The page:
Thank you once again for your inspiring words. I am very aware of the fact that my life could go another way then art. Even if I can't imagine it right now because art means a lot more to me nowadays than anything else did ever. I think I just have to keep on going. I thankfully made promise to myself to draw everyday for at least an hour and doing so will get my fire burning again. And I can feel an ember growing inside of me. I think that's a good sign.
In the meanwhile I'm gonna keep going and keep myself entertained with the amazing art and beauty the world has to offer. Thanks again.
All I can is wow. Really solid drawings, great structure. Everything is physically there, weighted, textured and rendered correctly. Amazing drapery. This is something that I need to work a lot more on.
You've probably been asked this a billion times before, but I was wondering if you could tell me if you use a medium with oils. I'm working on a Leyendecker copy right now and I really want to achieve the same kind of shine that he achieved with his paint.
Also, I was wondering what colors you use for an underpainting. In high school I studied a method of building a painting in successive layers from the midtones out to the extreme lights and darks, building from thin to thick as we went. We started with yellow ochre than sienna's, than umber's. It seemed to work at the time. What do you think of this approach?
Thanks for having the patience to put up with all the questions from us kids, this is really a great thing going here.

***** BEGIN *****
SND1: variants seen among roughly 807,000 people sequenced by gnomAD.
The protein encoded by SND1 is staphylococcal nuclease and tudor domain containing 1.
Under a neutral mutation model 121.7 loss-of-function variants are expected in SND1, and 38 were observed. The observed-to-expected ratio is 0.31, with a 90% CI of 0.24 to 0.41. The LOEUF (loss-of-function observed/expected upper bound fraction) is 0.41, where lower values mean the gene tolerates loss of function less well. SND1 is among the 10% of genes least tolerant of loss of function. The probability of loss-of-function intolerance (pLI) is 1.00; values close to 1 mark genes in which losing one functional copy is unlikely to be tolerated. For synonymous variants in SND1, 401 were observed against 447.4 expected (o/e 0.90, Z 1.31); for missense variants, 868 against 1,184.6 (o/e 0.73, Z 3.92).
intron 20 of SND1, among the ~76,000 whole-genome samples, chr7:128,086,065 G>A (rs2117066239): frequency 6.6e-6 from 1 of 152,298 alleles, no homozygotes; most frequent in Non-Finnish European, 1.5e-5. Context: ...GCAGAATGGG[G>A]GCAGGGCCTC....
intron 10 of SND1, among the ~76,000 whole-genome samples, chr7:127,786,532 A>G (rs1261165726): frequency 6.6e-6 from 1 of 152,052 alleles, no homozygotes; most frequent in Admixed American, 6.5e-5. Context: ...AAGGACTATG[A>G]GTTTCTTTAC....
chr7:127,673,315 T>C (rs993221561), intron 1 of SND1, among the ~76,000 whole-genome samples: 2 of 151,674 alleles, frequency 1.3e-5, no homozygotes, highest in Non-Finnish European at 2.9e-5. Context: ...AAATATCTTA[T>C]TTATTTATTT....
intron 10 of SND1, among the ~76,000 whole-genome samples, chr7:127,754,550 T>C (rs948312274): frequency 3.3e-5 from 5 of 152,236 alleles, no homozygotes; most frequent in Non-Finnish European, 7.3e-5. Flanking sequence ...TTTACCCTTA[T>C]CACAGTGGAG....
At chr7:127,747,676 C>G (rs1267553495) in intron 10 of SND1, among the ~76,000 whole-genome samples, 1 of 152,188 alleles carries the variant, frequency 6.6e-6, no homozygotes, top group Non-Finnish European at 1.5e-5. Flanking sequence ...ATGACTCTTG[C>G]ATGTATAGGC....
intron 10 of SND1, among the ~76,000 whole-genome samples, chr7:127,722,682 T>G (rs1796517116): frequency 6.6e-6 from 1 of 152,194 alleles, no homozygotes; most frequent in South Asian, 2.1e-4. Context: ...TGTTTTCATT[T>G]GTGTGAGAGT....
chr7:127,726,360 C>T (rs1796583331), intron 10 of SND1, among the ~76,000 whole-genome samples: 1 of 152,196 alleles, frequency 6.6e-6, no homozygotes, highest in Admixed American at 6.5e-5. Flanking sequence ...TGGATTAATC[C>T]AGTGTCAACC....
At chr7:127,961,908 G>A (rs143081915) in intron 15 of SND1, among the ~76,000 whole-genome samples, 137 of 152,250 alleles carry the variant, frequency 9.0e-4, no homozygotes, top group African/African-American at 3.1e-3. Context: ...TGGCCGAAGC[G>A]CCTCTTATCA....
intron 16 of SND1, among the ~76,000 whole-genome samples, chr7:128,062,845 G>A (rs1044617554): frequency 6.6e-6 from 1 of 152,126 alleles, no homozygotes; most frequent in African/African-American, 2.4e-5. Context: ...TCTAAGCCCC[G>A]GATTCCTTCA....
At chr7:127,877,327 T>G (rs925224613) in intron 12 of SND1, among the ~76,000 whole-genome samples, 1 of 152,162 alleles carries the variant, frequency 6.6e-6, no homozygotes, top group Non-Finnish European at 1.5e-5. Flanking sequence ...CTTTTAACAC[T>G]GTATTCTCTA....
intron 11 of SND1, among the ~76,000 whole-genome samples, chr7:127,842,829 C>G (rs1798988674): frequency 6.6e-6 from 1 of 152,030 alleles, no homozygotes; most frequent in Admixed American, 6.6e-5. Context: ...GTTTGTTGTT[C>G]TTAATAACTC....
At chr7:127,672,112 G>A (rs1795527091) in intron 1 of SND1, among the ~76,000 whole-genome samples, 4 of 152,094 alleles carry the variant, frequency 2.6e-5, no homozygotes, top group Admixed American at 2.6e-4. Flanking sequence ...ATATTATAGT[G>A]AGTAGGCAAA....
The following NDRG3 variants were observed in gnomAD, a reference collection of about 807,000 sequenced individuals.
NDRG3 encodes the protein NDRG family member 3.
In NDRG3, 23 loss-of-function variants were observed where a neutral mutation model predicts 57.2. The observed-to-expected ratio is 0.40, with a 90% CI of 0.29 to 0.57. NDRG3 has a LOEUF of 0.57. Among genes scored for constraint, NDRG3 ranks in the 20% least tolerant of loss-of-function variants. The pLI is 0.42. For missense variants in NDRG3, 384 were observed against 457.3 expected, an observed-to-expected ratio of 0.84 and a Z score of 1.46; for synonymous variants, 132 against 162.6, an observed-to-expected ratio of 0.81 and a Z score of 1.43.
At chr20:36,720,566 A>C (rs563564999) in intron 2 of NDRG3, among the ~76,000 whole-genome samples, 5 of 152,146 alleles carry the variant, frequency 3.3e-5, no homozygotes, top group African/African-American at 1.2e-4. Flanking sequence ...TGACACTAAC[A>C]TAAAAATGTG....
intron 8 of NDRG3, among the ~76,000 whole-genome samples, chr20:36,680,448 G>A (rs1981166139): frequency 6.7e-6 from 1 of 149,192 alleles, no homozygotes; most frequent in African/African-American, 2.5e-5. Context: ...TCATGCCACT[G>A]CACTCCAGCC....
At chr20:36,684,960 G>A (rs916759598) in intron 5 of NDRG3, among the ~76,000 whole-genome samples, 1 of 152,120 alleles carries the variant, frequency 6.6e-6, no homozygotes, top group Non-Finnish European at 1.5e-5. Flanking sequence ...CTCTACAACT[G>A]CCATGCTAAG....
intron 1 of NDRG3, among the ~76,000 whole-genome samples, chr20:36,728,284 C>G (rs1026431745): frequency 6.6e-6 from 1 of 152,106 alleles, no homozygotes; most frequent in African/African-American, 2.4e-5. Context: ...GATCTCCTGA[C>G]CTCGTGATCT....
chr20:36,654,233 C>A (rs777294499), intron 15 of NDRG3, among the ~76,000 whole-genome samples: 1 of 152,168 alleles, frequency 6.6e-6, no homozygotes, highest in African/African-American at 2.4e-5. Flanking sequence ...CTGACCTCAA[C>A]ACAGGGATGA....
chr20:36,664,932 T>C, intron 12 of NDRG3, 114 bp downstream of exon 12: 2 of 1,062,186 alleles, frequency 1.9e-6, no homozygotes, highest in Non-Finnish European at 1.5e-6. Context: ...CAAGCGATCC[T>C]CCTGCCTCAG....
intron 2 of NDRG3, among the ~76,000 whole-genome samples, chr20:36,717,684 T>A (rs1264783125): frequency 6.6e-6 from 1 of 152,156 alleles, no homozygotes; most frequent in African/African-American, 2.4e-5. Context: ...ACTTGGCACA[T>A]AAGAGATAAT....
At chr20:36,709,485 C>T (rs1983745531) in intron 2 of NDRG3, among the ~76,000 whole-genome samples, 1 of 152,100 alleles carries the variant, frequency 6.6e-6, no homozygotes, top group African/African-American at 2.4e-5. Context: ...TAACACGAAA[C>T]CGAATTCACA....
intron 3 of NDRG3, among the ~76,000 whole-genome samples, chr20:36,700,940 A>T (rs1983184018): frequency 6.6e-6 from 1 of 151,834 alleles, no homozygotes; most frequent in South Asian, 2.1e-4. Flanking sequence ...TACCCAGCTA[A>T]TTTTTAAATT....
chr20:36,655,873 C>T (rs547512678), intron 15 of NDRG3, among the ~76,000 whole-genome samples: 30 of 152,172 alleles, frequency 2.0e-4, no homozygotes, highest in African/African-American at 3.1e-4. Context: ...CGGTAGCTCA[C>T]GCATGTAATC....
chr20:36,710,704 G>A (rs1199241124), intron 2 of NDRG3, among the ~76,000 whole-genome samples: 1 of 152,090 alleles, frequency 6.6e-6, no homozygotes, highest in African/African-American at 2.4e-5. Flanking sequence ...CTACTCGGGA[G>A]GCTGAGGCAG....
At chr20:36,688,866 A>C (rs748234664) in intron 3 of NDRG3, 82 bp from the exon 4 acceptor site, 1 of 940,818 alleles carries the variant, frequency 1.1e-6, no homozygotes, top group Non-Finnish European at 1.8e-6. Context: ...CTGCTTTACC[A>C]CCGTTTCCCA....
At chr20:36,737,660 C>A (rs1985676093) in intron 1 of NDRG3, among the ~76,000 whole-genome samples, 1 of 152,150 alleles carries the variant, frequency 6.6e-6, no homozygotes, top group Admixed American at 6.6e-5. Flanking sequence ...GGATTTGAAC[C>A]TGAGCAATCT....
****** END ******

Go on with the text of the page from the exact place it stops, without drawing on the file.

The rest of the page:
What do you think of
the Rublev oils/mediums?
Itís about time I checked the forum. You are all writing such nice things.
First off, Demo, JailHouseRock2, IOstinthOughts, Anup1, Lostlimeturtle, Chupacabra, a heartfelt thanks. Let us all take this art thing just a day at a time.
Zimfin, Iíd love to check out your website. I will do so and comment. Remember, I love to harp and criticize, to tear others down to make myself feel better. I am perpetually narrow minded and small minded. Just ask Emily!
Bejaranocasarino, Iím not sure why you are having trouble. It might be you need to add oil.
Keith, Iíve painted about every way there is to paint over the years as Iíve sought to do it better. Currently all Iím using is linseed oil Ė nothing fancier than that. The paintings take a little longer to dry, but I usually work on several at a time. After a coat of paint dries on my canvas, it usually goes very dull Ė especially the dark colors. I simply rub on a little linseed oil with my finger and paint into that. After a painting is finished and dry, I give it a coat of final varnish. That makes it nice and shiny.
Mentler, I really love Rublev Oleogel. Itís nothing but linseed oil with silicate added to it. Iím not even using that very much, mostly simple linseed oil right now Ė but then Iím currently working pretty small scale.
thank you for posting such wonders and masterpieces, these pages are filled with inspiration.
Mentler, here is a photo of the Oleogel. I fill an old plastic film can with the stuff for short term use, then put the lid on the original can real tight to keep it from gradually oxidizing.
Iíll usually oil out the dried surface of my painting before I start painting on it again. Sometimes I do this with my fingers, sometimes with a brush. I want to end up with a very light film, like a well oiled rifle Ė very little oil.
The brush glides on a lightly oiled surface. Too much oil and it slides.